Tuesday, June 28, 2005

The Invisible Woman

There are several different types of sexist guys. Yeah, yeah, there are sexist women too. Lots of them. And that sucks. But the root problem with sexism isn't a lack of sisterhood. After all, it's still the men who are running the show, even if some of us are helping them out.

There's the old letch, not uncommonly found pinching your ass in nursing home hallways.

There's the Old Boys Club, commonly found eating steak or playing golf places you can't visit.

There's the porn-loving fella often found in the bedroom trying to convince his girlfriend of why she should enjoy letting him film "the money shot" while he calls her a nasty slut.

There's Larry The Cable Guy.

There are the chivalrous gentlemen who always buy lunch and open doors for the ladies and are quick to point out that women really are the better sex.

There are the Promise Keepers and other conservative religious folk, talking a great game about nuclear families and men taking responsibility for themselves and their actions, all the while underscoring the biological necessity of men and women having different natures and different roles.

There are the liberal men who don't see why it's wrong to call other men "pussies" as an insult.

And there are the men who don't see women, don't hear us. This is an interesting group. Sometimes they're the guys who don't hear a good idea or a funny joke when you share it, but praise the idea or laugh at the joke when another man says it, as if he'd never heard it before. And some guys take it even further than that.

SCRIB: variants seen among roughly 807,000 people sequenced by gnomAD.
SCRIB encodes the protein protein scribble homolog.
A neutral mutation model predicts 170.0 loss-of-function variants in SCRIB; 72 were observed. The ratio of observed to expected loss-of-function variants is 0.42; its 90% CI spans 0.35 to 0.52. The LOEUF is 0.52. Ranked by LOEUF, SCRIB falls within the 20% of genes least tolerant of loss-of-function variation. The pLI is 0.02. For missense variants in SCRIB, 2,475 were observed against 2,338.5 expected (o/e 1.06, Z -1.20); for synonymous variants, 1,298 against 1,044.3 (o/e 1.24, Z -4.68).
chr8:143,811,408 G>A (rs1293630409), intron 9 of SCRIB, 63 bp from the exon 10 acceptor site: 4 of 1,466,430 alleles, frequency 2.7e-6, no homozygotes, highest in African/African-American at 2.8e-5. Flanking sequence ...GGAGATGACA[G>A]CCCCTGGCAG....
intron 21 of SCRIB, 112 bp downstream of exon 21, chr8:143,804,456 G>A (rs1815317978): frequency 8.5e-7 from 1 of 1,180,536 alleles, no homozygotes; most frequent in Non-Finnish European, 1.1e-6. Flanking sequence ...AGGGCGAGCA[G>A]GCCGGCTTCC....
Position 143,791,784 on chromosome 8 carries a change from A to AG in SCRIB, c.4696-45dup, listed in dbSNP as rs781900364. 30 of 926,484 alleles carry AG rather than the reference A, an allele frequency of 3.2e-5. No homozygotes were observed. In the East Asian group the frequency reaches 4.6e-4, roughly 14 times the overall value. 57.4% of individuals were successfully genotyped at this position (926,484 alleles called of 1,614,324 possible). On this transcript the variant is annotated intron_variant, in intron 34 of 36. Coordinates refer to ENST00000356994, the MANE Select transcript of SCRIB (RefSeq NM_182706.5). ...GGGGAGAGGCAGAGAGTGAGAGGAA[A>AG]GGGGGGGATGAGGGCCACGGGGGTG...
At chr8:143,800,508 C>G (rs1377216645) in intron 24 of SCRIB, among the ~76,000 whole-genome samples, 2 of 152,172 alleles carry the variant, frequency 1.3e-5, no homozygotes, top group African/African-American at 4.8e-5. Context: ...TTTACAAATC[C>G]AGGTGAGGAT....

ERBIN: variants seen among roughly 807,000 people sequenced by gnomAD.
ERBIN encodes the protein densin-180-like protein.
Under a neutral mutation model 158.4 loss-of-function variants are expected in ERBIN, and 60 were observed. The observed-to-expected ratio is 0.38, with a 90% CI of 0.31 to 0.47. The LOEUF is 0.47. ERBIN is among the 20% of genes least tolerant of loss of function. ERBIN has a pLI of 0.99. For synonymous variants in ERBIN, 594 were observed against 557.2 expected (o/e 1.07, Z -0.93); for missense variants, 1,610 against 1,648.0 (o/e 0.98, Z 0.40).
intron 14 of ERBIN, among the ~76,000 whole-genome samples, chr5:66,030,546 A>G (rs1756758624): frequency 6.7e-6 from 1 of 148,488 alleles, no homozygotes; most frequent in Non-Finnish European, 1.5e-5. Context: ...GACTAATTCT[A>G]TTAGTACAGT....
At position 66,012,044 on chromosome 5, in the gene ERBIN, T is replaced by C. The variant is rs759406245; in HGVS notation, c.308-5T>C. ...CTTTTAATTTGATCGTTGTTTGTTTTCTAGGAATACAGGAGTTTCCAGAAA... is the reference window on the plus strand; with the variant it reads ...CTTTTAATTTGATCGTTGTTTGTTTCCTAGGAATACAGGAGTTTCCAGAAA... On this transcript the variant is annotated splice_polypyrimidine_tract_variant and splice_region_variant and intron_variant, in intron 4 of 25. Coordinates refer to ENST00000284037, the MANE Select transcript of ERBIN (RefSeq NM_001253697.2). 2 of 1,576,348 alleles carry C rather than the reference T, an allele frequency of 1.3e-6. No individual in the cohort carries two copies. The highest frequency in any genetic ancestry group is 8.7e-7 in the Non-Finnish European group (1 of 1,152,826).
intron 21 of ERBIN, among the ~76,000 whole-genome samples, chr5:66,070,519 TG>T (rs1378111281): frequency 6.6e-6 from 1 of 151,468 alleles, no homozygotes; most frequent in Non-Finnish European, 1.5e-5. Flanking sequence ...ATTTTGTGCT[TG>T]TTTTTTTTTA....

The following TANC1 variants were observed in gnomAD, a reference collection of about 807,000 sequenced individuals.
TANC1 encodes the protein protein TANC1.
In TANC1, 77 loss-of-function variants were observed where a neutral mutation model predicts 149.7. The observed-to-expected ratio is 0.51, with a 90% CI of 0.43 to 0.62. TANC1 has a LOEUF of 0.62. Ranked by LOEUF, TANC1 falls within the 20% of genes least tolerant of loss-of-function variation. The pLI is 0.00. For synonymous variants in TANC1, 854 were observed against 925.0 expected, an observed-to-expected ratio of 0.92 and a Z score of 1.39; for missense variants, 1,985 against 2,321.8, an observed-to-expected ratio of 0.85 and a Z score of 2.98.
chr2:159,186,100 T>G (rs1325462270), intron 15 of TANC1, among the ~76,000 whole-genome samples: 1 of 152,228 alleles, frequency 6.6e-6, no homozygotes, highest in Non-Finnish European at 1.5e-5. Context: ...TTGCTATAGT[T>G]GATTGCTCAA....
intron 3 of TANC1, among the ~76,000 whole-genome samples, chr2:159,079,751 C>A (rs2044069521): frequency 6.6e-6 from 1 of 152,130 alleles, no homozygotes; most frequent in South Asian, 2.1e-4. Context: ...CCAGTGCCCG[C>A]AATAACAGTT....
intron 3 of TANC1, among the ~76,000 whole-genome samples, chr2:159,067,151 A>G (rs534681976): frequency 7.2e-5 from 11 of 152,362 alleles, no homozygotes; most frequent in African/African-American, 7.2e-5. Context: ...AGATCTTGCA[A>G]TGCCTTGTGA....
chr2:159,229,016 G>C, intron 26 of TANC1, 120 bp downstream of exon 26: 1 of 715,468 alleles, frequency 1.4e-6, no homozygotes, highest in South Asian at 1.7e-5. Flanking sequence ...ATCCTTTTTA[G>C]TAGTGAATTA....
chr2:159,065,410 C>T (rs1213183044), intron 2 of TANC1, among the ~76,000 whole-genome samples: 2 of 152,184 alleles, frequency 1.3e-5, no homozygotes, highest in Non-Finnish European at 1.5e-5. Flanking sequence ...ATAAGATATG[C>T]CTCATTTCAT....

When I first met my husband's best friend from high school, I was a little nervous. I was serious about my then-boyfriend and I wanted this friend of his, this guy who had been so important to him as a kid, to like me. I took some care with my hair and makeup, thought of witty things to say, questions to ask.

He didn't even notice me. I expected him to smile, shake my hand, ask me how I was enjoying my first trip out to Wyoming, but his eyes slid past me as he looked around the room. He only talked to Paul. Eventually I wandered away. I checked the mirror for any errant pieces of spinach or other flaws that might have caused him to be too embarrassed to look at me, but there was nothing untoward. Every time I've met him it's been pretty much the same deal. And it's not a jealousy thing - "he's just a guy's guy." Like that makes it OK.

Several years ago I played in a men's inline hockey league. Somehow I ended up captain of my team for a while - though I was far from the best player, I was competent with the administration of the team and I wasn't the worst player either. I was energetic, enthusiastic, and dependable. But I got a really bad vibe from one of the guys. He didn't ever really acknowledge me. He talked around me, over me, asked other players for confirmation after I'd said something to him. Most of the guys liked him, they didn't see this because he wasn't ignoring them. It made me feel incredibly small.

Recently I found his blog. Hey, I thought, I like this guy better in his blog than I did in real life. Maybe I was wrong about him, or maybe he changed. Then I read on.
  • Strike One: because the "guys" will do a far better job than that chick at HP did, of course
  • Strike Two: what, no mention of the justice who actually wrote the dissenting argument?
He's the same guy, all right. Another "guy's guy."

Your favorite types?

11 comments:

ccw said...

I, too, love the "guy's guy" kind of man. I am always amazed that these men can find women to marry them and reproduce with them. How you have managed not to tell of your husband's friend is beyond me.

I also like, the "elderly biggot" man who gets away with sexist and racist comments b/c they are of "that generation".

Or the "I'm a man b/c I can get someone pregnant" guy who seems so proud of his sperm, but is unwilling to actually do any hands-on parenting.

purple goddess said...